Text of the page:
I had originally planned on posting my own review of Wes Anderson‘s recently released tribute to childhood, Moonrise Kingdom, but upon reading Brett McCracken’s own lucidly expressed thoughts on the film, I quickly lost this resolve.
A few hours before I watched Wes Anderson’s new film, Moonrise Kingdom, I was watching the undergraduate commencement ceremony at Biola University. It made me nostalgic to see 670 seniors receive their diplomas and officially conclude a long chapter in their journeys. I remember being there myself, seven years ago at Wheaton College, “commencing” a pivotal new chapter as my 22 years of being a kid gave way to the new adventure of independent adulthood. What a memorable moment, graduation day–abuzz as it was with the teetering uncertainty of the liminal spaces which were its backdrop: between youth, inexperience and protection on one hand and adulthood, maturity and risk on the other. Everything then was new, curious, possible. The world was there to be explored; adulthood to be experimented with.
Moonrise Kingdom dwells in a similar liminal space: between the innocence, wonder and “firsts” of childhood on one hand and the…
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I recently had the opportunity to read author/illustrator Brian Selznick’s latest, Wonderstruck, a book that in many ways continues what Selznick started with his 2008 Caldecott Medal-winning book, The Invention of Hugo Cabret.
Wonderstruck, like The Invention of Hugo Cabret, is a cinematic book—not only in the gorgeous and wholly unique synthesis of word and illustration, but also in its contextual interest in the history of film. While Hugo Cabret dwells on the magic of earliest cinema, one storyline in Wonderstruck explores the transition from silent film to sound through the eyes of a deaf girl. Such a subtext is perfect in a book told in two such parallel storylines—one storyline told in words, one in pictures. I am not giving too much away in saying that the deaf character’s story plays out like a silent film. Selznick tells her story almost entirely in hundreds of luminous black and white pencil sketches.
Seeing the transition from silent to sound film unfold through the eyes of an early twentieth century deaf girl gives that moment in history a whole new perspective. But the exploration of cinematic history is not the focus of this book in the same way that it was the focus of Hugo Cabret. While both books do share the same themes of gaining a sense of belonging and discovering one’s place in the world, Wonderstruck has many fascinating layers aside from the cinematic. New York City history, deaf culture, and the fascinating story of the American Museum of Natural History are all dimensions of this well-crafted and visually captivating narrative.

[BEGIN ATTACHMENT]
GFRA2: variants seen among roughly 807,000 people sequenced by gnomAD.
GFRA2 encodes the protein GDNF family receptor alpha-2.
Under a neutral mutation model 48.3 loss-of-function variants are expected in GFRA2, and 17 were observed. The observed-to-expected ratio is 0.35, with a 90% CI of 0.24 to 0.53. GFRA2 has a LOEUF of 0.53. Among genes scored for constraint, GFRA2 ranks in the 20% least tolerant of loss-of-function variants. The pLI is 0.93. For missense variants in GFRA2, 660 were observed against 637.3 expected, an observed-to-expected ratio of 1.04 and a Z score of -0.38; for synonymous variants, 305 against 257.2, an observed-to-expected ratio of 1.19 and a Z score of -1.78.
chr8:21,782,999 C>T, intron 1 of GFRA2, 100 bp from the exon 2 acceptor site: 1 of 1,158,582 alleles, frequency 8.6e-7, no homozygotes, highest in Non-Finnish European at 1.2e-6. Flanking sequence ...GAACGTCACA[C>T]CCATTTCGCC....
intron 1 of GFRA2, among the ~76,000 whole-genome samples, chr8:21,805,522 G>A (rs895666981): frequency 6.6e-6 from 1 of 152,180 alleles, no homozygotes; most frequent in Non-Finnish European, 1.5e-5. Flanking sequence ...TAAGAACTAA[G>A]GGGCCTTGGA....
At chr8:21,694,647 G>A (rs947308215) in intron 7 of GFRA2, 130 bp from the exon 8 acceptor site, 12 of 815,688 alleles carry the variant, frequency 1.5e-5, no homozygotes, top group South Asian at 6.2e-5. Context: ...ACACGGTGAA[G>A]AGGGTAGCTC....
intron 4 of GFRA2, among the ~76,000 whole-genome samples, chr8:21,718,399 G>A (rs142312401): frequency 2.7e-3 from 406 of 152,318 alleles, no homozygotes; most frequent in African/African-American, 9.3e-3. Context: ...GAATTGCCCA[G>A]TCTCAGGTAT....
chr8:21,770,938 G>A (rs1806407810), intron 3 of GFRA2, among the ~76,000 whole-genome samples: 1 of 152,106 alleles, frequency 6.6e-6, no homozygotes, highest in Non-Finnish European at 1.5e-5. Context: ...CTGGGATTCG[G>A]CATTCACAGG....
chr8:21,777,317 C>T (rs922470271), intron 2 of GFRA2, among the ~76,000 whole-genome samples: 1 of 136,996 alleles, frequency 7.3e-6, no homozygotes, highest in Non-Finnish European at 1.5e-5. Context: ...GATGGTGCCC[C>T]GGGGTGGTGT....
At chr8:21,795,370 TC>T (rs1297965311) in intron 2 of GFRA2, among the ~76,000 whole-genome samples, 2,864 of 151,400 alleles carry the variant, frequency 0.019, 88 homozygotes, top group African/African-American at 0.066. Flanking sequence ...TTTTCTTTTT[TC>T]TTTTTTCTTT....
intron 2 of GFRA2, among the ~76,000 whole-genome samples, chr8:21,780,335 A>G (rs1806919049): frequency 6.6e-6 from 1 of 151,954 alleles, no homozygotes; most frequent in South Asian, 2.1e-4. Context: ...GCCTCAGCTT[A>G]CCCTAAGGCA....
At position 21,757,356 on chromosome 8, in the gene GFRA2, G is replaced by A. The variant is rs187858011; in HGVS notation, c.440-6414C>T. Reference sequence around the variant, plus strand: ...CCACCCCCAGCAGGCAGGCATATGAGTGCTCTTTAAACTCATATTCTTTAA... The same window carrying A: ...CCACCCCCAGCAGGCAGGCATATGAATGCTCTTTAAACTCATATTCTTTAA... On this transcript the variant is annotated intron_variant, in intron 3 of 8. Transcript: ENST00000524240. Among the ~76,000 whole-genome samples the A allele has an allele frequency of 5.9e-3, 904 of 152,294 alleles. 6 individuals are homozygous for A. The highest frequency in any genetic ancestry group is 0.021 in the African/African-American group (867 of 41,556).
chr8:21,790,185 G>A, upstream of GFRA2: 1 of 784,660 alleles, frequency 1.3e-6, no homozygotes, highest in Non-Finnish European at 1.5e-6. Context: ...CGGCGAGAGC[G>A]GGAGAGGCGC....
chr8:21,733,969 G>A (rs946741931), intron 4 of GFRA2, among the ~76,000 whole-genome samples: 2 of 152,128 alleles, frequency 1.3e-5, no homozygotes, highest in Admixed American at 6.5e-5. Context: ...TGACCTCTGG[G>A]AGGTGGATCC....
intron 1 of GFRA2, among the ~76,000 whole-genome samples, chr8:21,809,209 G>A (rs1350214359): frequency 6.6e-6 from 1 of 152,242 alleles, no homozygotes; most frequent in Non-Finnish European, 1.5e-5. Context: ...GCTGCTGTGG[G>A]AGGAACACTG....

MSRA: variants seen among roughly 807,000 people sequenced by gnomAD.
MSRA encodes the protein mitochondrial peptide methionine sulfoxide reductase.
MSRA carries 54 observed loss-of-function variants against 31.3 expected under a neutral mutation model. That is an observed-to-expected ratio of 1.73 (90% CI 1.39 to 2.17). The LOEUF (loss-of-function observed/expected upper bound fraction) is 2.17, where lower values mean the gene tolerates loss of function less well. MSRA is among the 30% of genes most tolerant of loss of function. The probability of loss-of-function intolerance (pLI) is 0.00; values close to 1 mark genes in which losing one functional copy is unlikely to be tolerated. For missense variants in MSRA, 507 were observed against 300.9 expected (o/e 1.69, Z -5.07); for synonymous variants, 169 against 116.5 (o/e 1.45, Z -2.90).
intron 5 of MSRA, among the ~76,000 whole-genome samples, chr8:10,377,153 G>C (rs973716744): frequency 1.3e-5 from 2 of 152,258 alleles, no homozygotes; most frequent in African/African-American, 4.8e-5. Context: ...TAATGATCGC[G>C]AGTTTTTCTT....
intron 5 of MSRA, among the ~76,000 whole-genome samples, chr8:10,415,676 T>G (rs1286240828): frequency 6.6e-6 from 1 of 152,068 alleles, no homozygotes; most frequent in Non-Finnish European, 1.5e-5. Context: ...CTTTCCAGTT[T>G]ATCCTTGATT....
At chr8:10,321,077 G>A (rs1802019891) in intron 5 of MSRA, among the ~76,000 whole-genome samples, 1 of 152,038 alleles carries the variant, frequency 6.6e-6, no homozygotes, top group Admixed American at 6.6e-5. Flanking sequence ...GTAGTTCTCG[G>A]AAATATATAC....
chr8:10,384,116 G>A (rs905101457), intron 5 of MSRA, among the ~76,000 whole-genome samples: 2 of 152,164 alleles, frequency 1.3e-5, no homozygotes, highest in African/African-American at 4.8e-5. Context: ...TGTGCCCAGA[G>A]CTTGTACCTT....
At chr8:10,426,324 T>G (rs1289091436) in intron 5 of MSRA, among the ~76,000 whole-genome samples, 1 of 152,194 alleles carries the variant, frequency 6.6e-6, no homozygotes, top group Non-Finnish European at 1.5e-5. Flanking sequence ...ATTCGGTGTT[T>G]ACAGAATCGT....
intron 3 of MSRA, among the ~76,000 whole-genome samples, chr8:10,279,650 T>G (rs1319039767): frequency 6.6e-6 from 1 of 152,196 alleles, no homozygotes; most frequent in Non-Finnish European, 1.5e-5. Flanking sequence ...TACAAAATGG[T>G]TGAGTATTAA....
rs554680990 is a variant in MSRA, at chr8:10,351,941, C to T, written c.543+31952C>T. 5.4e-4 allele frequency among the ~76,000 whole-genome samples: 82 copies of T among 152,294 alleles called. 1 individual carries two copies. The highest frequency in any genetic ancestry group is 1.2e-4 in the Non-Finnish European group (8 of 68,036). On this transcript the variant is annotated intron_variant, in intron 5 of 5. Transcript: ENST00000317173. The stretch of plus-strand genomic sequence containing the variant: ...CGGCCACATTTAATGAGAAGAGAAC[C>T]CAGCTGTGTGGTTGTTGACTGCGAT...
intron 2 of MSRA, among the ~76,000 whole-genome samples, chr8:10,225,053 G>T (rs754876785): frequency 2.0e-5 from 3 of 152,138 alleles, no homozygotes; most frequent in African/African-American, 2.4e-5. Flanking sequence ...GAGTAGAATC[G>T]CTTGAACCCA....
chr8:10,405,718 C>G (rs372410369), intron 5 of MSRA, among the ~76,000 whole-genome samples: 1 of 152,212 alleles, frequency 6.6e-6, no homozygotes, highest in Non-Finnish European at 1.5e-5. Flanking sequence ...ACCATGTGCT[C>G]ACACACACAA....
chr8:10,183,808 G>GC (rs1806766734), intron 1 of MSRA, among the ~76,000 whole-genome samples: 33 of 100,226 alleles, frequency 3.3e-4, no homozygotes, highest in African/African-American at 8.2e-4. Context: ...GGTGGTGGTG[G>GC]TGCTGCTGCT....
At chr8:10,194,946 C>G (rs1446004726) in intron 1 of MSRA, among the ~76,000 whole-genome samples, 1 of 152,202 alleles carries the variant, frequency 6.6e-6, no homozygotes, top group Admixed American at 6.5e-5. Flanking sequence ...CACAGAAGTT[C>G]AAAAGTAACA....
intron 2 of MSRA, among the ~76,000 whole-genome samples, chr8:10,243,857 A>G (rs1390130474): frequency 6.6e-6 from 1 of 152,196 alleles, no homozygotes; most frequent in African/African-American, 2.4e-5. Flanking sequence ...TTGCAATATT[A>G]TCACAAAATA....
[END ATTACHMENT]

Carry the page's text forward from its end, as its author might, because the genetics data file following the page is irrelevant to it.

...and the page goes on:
Such a unique array of themes and subplots render this a book that refreshes our perspective on how we see and hear our world and the people that inhabit it. This book is indeed a wonder to behold in its varying shades—thematic and artistic—of black and white, light and sound.
I do have to say, one wonders if Selznick’s next book might perhaps include a narrative commentary on the advent of color cinema?
Book illustration found here.
I keep hearing wonderful things about “Beasts of the Southern Wild,” winner of the Grand Jury Prize for Drama at this year’s Sundance Film Festival. The trailer finally debuted last week, giving us a glimpse at what all the buzz is about and rendering this film one of my most anticipated of the summer. It looks to be a thing of wonder and beauty.
Here is Metacritic’s summary of what makes this film so worthy of anticipation:
“Beasts of the Southern Wild” won both the Grand Jury Prize and Excellence in Cinematography at this year’s Sundance Film Festival and garnered comparisons to fairy tales, parables and the works of Terence Malick and Hayao Miyazaki. Those comparisons make immediate sense when you watch the first official trailer for the film, which comes to a handful of theaters on June 27th. The film follows Hushpuppy and her father Wink, who live in an abstract water-world in Louisiana known as “The Bathtub.” They struggle to survive when their community is threatened by a devastating flood and an approaching herd of beasts known as aurochs. Writer/director Ben Zeitlin adapted co-writer Lucy Alibar’s play Juicy and Delicious, cast non-actors, and collaborated with his Court 13 collective to create a unique vision that looks both familiar and magical.
One of the very young director’s first films was shot in New Orleans following Hurricane Katrina, and both his parents are urban folklorists. This unique personal context looks as if it was influential in the film’s overall vision and tone.
You can visit the film’s site here.